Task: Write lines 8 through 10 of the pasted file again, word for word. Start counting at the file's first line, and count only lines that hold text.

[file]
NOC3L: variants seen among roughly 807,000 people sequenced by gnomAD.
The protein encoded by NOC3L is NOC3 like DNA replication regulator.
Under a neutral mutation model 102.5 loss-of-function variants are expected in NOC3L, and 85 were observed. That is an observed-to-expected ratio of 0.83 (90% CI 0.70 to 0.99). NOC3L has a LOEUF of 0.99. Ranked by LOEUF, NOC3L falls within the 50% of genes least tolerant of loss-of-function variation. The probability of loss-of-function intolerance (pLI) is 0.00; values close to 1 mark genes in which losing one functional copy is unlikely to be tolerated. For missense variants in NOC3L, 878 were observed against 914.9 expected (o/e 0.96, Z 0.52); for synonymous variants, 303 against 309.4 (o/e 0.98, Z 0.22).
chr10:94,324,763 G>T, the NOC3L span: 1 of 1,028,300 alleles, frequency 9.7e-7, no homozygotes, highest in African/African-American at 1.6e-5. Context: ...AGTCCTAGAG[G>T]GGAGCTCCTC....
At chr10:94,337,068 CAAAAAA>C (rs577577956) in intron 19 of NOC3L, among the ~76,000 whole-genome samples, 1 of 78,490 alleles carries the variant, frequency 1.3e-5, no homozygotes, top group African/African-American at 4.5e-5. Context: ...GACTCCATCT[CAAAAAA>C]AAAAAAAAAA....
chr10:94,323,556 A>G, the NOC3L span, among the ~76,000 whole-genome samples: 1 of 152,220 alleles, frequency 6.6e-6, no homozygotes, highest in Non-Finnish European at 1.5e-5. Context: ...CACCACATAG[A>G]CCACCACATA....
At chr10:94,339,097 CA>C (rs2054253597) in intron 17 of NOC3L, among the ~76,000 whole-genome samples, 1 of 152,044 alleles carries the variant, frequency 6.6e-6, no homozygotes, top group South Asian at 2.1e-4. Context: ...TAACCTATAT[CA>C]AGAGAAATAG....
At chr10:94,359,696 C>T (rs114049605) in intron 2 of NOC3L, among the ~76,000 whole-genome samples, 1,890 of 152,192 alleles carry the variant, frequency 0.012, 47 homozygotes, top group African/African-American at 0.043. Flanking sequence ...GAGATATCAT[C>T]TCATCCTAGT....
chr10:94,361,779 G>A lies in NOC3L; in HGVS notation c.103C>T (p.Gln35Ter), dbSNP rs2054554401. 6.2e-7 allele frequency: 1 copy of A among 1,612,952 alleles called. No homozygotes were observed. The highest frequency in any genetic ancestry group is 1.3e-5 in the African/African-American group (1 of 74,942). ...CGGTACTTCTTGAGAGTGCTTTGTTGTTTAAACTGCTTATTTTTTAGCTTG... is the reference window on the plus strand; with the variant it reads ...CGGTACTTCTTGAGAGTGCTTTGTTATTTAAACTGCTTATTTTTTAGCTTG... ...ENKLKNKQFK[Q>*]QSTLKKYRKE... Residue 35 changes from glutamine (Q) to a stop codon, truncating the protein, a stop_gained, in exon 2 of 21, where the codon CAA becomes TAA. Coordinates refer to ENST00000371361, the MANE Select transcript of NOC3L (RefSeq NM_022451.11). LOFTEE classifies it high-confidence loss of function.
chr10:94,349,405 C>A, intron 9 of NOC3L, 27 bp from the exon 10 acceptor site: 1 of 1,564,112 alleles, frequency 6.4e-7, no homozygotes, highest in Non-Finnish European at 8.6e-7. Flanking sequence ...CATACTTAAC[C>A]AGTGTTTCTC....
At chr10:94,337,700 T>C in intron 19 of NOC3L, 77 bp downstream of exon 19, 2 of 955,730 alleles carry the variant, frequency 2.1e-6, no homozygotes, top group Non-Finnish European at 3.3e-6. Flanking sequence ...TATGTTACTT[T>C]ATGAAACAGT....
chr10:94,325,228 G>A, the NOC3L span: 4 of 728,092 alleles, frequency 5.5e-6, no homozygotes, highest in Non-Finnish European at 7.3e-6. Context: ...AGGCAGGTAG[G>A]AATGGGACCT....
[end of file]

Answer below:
At chr10:94,359,696 C>T (rs114049605) in intron 2 of NOC3L, among the ~76,000 whole-genome samples, 1,890 of 152,192 alleles carry the variant, frequency 0.012, 47 homozygotes, top group African/African-American at 0.043. Flanking sequence ...GAGATATCAT[C>T]TCATCCTAGT....
chr10:94,361,779 G>A lies in NOC3L; in HGVS notation c.103C>T (p.Gln35Ter), dbSNP rs2054554401. 6.2e-7 allele frequency: 1 copy of A among 1,612,952 alleles called. No homozygotes were observed. The highest frequency in any genetic ancestry group is 1.3e-5 in the African/African-American group (1 of 74,942). ...CGGTACTTCTTGAGAGTGCTTTGTTGTTTAAACTGCTTATTTTTTAGCTTG... is the reference window on the plus strand; with the variant it reads ...CGGTACTTCTTGAGAGTGCTTTGTTATTTAAACTGCTTATTTTTTAGCTTG... ...ENKLKNKQFK[Q>*]QSTLKKYRKE... Residue 35 changes from glutamine (Q) to a stop codon, truncating the protein, a stop_gained, in exon 2 of 21, where the codon CAA becomes TAA. Coordinates refer to ENST00000371361, the MANE Select transcript of NOC3L (RefSeq NM_022451.11). LOFTEE classifies it high-confidence loss of function.
chr10:94,349,405 C>A, intron 9 of NOC3L, 27 bp from the exon 10 acceptor site: 1 of 1,564,112 alleles, frequency 6.4e-7, no homozygotes, highest in Non-Finnish European at 8.6e-7. Flanking sequence ...CATACTTAAC[C>A]AGTGTTTCTC....